When people go out drinking, they want to have fun. That's why we have written a number of songs which put a smile on your face and makes you wanna buy another round.

You make plenty of funny references to Shane MacGowan in “Whiskey, Rum, Gin and Wine” – talk about his influence on you, what you take from him as songwriters?

Shane MacGowan is the most talented writer in the Celtic punk genre. We admire his ability to pen down songs, and we respect his uncompromising lifestyle. To try to copy him is doomed to fail. We like to pay tribute to him though.

Back to that earlier question about the Vikings and Ireland – most of your material is about fairly modern history (the Molly Maguires, the Irish diaspora, etc.) – do you think you’d ever go back and write about ancient history at all and why or why not?

We won't be writing about ancient Irish history, because we know nothing about it. We will stick to our guns and write tales of life, death and alcohol - the holy trinity of Finnegan's Hell.

I really enjoyed the “The Promised Land,” and as I said in the review, I think its message is just as relevant today as it was in the period you are referring to (“I thought I reached the promised land/But there is no such place,” like there’s still no prosperity despite a lifetime of hard work, true now as then) – was that your point and did you have maybe a specific current event you may have been referring to as well?

That song is about the American dream becoming a nightmare, something which many people have experienced the last 100 years, or even longer. It's also a song about the hardships that face immigrants in general.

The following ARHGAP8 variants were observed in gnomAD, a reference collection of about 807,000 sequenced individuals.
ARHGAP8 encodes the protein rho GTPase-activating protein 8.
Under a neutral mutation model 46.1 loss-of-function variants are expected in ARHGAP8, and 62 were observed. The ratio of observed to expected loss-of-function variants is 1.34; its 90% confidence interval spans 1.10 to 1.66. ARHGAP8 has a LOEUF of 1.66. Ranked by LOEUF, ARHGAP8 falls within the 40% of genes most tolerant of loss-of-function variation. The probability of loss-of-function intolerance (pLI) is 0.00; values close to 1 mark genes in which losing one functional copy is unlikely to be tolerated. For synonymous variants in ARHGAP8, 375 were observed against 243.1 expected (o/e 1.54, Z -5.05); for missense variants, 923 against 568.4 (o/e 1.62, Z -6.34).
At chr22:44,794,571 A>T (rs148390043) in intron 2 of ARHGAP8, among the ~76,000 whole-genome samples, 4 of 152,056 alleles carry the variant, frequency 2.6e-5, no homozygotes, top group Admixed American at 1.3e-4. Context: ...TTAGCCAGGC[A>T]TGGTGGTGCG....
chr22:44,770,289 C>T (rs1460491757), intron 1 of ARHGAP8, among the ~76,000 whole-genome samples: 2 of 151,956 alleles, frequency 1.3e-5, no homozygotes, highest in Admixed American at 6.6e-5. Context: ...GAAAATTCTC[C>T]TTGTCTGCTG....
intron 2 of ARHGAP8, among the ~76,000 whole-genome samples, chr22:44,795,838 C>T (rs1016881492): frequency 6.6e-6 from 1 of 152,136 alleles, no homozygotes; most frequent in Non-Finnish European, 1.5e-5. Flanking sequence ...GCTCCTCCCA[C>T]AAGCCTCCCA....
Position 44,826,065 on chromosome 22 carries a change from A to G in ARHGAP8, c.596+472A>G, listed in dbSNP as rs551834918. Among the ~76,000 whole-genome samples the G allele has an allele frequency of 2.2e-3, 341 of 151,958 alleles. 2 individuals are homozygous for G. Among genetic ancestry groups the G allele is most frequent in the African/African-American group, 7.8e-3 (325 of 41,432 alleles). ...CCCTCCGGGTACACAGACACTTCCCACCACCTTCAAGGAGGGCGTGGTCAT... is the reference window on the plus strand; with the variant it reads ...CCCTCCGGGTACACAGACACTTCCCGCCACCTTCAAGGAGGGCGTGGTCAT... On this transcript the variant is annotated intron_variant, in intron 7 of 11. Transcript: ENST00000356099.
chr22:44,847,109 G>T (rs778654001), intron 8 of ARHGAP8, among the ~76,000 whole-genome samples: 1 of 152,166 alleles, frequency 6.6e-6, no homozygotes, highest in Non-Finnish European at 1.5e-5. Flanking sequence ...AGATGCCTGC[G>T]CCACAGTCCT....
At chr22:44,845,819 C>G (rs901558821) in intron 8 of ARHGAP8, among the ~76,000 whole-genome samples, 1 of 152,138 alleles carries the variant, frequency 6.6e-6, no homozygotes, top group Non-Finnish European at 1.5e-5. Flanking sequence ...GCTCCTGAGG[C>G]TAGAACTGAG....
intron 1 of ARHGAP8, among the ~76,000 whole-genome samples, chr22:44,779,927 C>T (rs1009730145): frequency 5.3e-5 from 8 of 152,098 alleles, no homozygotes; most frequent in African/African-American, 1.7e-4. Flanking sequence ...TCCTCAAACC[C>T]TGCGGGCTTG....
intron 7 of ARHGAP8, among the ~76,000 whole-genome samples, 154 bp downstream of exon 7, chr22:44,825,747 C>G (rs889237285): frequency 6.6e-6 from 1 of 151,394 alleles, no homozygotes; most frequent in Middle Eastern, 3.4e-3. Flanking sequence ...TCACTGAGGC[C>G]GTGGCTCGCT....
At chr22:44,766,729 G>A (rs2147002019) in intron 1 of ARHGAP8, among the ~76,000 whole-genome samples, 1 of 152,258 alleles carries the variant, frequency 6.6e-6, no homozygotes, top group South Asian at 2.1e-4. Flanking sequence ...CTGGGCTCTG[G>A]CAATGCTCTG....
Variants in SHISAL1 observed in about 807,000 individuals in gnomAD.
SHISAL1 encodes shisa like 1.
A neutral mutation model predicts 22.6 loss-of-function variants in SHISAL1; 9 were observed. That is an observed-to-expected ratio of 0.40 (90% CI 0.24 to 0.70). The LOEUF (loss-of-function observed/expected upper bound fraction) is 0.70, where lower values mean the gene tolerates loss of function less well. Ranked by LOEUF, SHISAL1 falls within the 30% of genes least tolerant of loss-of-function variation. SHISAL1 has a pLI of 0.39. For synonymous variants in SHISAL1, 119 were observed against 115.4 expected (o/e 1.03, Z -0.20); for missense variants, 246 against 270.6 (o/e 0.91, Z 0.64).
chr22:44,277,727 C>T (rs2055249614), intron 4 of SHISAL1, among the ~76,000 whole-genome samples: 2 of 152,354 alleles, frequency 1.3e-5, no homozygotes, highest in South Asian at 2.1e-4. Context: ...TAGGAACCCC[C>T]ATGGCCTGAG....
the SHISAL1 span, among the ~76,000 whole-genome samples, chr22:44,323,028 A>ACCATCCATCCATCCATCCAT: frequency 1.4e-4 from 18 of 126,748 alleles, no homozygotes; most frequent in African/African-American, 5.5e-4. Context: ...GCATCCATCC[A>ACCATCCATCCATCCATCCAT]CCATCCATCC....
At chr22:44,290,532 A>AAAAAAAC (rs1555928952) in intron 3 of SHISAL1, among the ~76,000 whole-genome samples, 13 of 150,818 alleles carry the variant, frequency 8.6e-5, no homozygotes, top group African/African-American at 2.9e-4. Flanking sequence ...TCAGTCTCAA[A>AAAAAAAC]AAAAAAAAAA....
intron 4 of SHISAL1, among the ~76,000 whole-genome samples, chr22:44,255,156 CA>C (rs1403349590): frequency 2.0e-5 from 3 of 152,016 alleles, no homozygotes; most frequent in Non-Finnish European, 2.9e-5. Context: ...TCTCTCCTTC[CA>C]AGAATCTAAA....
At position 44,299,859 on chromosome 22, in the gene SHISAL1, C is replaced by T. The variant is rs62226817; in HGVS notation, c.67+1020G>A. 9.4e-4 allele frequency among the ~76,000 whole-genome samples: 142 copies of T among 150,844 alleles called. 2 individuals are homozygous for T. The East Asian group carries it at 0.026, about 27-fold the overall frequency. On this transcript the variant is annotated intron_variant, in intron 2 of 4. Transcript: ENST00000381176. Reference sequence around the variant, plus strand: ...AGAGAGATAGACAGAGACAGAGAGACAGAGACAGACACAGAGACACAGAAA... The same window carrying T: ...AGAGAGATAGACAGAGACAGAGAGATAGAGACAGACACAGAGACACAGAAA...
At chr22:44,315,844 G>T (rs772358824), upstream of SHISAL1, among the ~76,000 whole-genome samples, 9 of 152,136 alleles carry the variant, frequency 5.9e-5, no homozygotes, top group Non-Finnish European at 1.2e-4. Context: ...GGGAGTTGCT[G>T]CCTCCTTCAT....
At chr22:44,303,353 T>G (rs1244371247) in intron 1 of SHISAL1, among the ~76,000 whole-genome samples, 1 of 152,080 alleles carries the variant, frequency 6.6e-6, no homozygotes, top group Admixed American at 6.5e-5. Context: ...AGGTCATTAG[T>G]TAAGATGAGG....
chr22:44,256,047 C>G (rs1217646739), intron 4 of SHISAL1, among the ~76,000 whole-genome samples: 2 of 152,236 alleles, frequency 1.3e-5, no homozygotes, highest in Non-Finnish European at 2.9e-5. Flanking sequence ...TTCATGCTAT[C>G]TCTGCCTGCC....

You use a very traditional Irish songwriting technique with “Friends and Foes,” that of having verses that repeat in structure but change in sentiment (like they sound the same and are repetitive, but each verse moves the story along) – where did you learn that technique?

That song is our take on the blues. I guess Leadbelly's music was the inspiration for it.

The three songs that talk about relationships are interesting in that “The Last Dance” and “Tokyo Town” are kind of fantasy scenarios and “Parasite” seems decidedly more personal, like it may have actually happened in some form or another – can you talk about those tracks?

"The Last Dance" is a bad dream about falling for the wrong woman and being fully aware of it from the very beginning - a scenario some might be able to relate to. "Tokyo Town" is a sort of drunken love story about meeting the barmaid of your dreams and making love to her in the bathroom of the pub where she's working. It was inspired by at trip to Japan. "Parasite" was inspired by Ace Frehley's classic song with the same title, and it is also inspired by an acquaintance who lost everything in a divorce.